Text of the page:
It was once the preferred way to get news in and out of the village.

Now an iconic red BT phone box has been resurrected for an equally vital use.

Community chiefs in Upper Denby have converted their redundant booth into a life-saving defibrillator station.

Where a telephone once sat, the classic red phone box now hosts a device to restart a heart.

Villagers are being trained how to use the defibrillator, which provides an electric shock to the heart of people who have suffered a cardiac arrest.

A telephone alert scheme to signify someone needs help is also being launched.

The defibrillator was the brainchild of Ken Bellamy, chairman of the Denby Village Conservation Group.

An iconic BT phone box in Upper Denby has been transformed into a defibrillator station

Ken said the phone box had been saved following a campaign by the village’s oldest resident Win Wheable-Archer, 96.

“They were going to take it away as BT have taken the phone out,” he said.

“It was in a state of disrepair and every pane of glass was broken.

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“BT offered it to the parish council who didn’t want it.

“Mrs Wheable-Archer campaigned to have it retained and it was done up last year.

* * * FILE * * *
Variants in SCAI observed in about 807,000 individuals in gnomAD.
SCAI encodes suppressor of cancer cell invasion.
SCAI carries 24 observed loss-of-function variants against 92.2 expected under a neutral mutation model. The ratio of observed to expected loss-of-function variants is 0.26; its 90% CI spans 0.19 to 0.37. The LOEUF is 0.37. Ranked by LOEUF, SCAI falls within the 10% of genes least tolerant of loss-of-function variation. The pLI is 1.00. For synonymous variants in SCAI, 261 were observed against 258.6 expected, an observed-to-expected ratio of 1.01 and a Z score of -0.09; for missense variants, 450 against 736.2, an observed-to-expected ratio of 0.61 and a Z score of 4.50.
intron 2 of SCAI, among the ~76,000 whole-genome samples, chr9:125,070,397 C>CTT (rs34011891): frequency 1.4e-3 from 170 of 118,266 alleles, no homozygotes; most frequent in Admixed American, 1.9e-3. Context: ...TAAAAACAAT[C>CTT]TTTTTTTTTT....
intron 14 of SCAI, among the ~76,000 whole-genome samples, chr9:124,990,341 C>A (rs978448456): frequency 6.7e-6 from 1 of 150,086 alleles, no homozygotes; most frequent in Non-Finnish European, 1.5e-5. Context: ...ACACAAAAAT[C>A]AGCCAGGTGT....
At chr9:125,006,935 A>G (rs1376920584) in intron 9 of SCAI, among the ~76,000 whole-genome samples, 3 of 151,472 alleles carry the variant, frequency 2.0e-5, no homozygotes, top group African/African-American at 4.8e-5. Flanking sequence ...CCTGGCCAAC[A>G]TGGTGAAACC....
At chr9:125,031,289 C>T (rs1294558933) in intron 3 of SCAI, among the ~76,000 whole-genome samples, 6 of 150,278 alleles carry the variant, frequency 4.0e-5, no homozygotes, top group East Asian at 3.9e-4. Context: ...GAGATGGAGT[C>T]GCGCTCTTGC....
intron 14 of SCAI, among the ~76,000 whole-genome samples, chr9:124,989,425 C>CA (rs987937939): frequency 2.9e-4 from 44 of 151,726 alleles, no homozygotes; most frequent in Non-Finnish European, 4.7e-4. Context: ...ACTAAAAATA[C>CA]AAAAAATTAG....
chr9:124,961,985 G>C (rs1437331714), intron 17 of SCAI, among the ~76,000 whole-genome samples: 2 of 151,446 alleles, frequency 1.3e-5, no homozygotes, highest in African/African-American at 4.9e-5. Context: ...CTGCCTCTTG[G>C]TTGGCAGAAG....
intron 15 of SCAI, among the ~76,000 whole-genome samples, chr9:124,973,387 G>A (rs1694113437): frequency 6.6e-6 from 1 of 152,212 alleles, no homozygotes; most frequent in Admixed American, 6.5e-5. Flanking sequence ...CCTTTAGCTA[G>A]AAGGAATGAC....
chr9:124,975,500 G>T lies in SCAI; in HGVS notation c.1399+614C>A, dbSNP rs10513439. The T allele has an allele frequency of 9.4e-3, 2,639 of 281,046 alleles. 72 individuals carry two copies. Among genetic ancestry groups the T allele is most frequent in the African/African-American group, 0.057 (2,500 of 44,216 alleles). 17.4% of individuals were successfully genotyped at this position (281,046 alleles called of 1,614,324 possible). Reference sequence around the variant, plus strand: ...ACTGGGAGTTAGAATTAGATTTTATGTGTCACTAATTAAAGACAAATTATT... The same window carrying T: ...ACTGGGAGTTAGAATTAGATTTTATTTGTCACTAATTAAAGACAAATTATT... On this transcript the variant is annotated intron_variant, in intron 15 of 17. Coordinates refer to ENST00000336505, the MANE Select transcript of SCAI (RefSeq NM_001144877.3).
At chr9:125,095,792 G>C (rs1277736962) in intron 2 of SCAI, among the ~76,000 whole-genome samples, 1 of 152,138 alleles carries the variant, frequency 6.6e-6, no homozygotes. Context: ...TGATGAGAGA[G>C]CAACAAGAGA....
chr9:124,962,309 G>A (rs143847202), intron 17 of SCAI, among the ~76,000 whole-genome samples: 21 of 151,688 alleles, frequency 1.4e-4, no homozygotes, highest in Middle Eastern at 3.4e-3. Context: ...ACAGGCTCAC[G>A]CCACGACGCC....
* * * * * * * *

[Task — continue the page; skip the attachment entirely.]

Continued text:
“I had the idea to put a defibrillator in it and we have worked with the charity Community Heartbeat to put it together.”

The group has raised more than £2,000 towards the scheme through grants from the Denby Dale Lions, Denby Dale Parish Council and donations from the public.

It has also charged for advertising on the windows of the historic phone box at the junction of Denby Lane and Gunthwaite Lane.

“A team of villagers are being trained up on how to use it,” added Ken.

An iconic BT phone box in Upper Denby has been transformed into a defibrillator station. Chairman of Denby Conservation Group, Ken Bellamy, (right) with George Parsission

“But really anyone can do, there’s a video on it that shows you what you do.

“You can’t go wrong.”

The life-saving device has not had its debut yet but Ken said all locals should be aware of its availability.

“We are a long way from hospitals here. Ambulances would have to come from Barnsley or Hudddersfield, so it’s a fair way.

“The defibrillator can give someone the chance for treatment in the vital first ten minutes.

“It can make a difference between death and survival – and the quality of survival.”